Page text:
Happy Mardi Gras, and welcome to my newsletter for February, 2008! Please feel free to forward this to anyone you think would be interested in keeping up with me. To receive these newsletters regularly, please drop me an email or subscribe online from my website ( ) or at: . Notices of new paintings and events are at the bottom of this email.

Epiphanies =========

When I think of Lent, a bubbling brew-pot of images boils in my head. Most of them have to do with Mardi Gras, that tinsel trollop of Catholic feast days. I can recollect more strangeness associated with Lent and Mardi Gras than with any other liturgical season.

I was never actually in New Orleans during Mardi Gras, although Lorraine and I were there once for the aftermath. In the French Quarter, as the forty days progress and the memory of Ash Wednesday fades, things pick up again. There are curious echoes of Carnival on Canal Street: St. Joseph's Day brings floats and parades and women flashing bare bosoms for booty. This despite the fact that March 19th always falls during the Great Fast.

Lent is desert time. It's time for pulling back before the boomerang of Spring-then-Graduation-then-Summer-Vacation. Lent is sand in shoes, the buzzing of blowflies.

We really don't like Lent.

What we like is Mardi Gras: the big party with no rules. "Play it again," yells the crowd to the Pink Panther, and he obliges on his saxophone. Masques mutate and transmogrify from before dawn through morning, evening. Alcohol fuels fetishes, faux fowl, fantasy figures, each more desperate than the last to hold onto the Fat of Tuesday. Carpe Diem!

But it escapes, and we're left with...Lent.

I've never seen it, but I've heard that just before midnight on Mardi Gras, New Orleans police officers link arms and sweep the streets. A blue-black billy-clubbed tide floods each alley, each shop doorway. The voodoo nooks close, the bars empty in advance of the surge. Tourists, heads swimming, tired of using door stoops as latrines, stagger or crawl to hotel rooms.

At midnight, the clock strikes. The streets are stripped of all but broken beads, dented dubloons, cracked coolers.

Now the bust begins. Now the piper is paid, the fiddler fired.

Some of us take all of this seriously. During Lent, we try to mortify feel what it might be like to make do with a dollop of dearth. Starved body steels will and strengthens it's said. "Going short for Lent" meant just the three pints of beer in the morning for C.S. Lewis. Tolkien teased him for his "asceticism."

So, Ash Wednesday comes. How should we approach it? This is the stopping off point...the way-station on a course from costumes to Calvary. We've all a ticket to post at the door, but not all of us want to go in. Better glitter than Golgotha, we figure, and I'm as bad as anyone.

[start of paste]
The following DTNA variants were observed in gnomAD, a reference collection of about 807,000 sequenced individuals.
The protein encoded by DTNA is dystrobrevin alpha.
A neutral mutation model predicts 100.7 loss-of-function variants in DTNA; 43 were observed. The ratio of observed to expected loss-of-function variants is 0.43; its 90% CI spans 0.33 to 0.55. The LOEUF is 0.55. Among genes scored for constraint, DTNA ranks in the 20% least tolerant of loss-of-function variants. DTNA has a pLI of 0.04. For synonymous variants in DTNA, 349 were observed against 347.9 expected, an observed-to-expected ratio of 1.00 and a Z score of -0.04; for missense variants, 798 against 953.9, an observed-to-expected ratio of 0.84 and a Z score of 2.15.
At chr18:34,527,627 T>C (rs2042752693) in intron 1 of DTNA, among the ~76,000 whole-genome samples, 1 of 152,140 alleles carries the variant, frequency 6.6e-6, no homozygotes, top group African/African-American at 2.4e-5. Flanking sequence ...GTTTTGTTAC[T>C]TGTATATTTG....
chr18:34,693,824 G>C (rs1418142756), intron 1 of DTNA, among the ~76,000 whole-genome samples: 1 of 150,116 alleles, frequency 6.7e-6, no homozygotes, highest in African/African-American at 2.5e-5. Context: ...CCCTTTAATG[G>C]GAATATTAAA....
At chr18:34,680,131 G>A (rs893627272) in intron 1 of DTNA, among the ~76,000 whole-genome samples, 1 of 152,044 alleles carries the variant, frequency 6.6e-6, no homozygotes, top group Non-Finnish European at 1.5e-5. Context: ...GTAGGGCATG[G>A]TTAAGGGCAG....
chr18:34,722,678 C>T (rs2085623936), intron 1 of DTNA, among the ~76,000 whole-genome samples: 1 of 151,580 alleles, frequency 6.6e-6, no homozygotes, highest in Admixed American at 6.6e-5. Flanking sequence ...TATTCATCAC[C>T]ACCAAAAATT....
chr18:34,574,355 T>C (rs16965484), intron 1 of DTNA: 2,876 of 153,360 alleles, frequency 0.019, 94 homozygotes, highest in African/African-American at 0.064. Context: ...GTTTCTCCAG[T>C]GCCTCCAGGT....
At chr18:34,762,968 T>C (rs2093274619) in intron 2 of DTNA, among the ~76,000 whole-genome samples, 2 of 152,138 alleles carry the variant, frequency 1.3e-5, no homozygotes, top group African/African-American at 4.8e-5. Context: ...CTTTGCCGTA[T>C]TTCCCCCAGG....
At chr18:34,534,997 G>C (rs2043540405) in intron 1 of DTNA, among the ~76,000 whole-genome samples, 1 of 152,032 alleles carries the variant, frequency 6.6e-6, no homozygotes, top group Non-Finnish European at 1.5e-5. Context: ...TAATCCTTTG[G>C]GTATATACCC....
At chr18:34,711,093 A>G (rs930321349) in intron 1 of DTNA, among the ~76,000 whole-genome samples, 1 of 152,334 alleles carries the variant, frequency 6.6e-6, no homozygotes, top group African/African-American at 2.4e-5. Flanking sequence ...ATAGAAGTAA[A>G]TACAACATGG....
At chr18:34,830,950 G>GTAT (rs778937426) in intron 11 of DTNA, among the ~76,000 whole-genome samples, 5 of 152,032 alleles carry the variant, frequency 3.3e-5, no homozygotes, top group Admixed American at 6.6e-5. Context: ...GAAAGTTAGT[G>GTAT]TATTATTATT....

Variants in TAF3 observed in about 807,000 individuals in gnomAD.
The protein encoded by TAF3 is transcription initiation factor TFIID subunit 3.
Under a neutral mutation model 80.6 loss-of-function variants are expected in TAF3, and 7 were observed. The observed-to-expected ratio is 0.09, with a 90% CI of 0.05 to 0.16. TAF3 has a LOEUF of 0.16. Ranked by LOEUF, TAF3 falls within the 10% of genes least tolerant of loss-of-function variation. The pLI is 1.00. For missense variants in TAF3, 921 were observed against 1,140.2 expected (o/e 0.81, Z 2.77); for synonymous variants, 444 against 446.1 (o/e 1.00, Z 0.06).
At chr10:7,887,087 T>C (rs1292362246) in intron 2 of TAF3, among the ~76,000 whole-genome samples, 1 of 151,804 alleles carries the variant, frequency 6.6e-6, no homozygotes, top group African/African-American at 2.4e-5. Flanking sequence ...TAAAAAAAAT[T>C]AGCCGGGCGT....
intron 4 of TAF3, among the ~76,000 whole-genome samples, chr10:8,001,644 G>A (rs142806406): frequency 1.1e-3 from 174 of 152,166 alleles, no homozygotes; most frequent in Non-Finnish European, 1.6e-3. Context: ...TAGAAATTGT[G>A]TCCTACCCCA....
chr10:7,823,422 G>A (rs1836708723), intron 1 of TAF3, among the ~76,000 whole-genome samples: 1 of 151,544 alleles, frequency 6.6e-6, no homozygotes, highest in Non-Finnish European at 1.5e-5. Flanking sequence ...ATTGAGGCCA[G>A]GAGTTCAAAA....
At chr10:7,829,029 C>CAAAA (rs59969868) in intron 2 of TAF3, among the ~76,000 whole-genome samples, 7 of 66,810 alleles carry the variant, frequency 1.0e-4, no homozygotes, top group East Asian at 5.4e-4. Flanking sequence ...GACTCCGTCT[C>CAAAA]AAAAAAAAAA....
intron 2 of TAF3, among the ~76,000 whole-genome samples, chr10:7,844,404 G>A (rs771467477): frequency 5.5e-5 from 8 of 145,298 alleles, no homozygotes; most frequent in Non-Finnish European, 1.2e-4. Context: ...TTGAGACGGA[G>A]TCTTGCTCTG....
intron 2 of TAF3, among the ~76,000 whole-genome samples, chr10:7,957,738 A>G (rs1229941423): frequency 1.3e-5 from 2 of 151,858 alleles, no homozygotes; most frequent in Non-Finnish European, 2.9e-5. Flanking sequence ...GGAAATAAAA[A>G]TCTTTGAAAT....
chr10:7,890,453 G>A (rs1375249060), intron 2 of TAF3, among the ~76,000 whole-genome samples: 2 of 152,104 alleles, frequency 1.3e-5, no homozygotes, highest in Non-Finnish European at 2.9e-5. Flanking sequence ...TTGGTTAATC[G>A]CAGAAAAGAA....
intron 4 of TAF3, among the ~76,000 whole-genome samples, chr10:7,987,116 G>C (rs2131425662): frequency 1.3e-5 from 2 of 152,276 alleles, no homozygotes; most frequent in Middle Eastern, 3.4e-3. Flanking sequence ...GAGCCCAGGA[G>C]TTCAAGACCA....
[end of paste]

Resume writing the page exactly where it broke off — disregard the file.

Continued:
But, I think, this Lent, instead of giving up, maybe I should give in. The one thing we're 'spozed to do during the Forty Days is pray. I hate prayer, and as a result, my forty days are often forty thieves... each stealing a single chance for silence. Each day's pale promise pinched. be still. To molt the mask, to hush the braying horns, to go with God.

This is what I seek. And...what I wish for you on your own journey to Jerusalem.

Eru laita ar tiralyë (may God bless and watch thee)


Events =========

- The latest issue of Mallorn, the journal of the Tolkien Society, has just been published. This issue, number 45, features the first change in cover design in literally years. Previously, the cover image was a black and white sketch of a mallorn tree by renowned illustrator Pauline Baynes. The latest issue, under the editorship of Henry Gee, features one of my paintings (see ) on the cover. Future issues will hopefully feature the work of other artists.

- The first-ever Heren Istarion Shire Reckoning calendar (see for details) is now out, and looks great! It features paintings by Ted Nasmith, Catherine Sparsidis, and myself, with full colour Middle Earth images and B&W sketches for each month. This will definitely be a collectors' item, and I'd encourage interested folk to snag one ASAP.

- The first-ever issue of Silver Leaves, the journal of the White Tree Fund (see ) features my painting of "Amon Hen" as its cover image (see ... tolkien/195_Amon_hen.html ). This is a lovely inaugural issue of a journal that includes scholarly articles, fiction, and artwork. Well worth a look!

- I feel greatly honoured to have been asked to develop the logo for the MythCon 39, the Mythopoeic Society's annual conference, scheduled for August 15-18th, 2008 at Central Connecticut State University. You can see the logo at: ... ketch_mythcon39_logo.html . For more information on the Mythopoeic Society or the convention, visit .

- I will be a guest of honour at the upcoming Tolkien celebration, "A Long-Expected Party" (ALEP) in Kentucky in September, 2008. I was also asked to develop one of the logos used for the event. You can see it on my website at: ... hes/Sketch_ALEP_logo.html . The official website for ALEP (and registration info) can be found at: .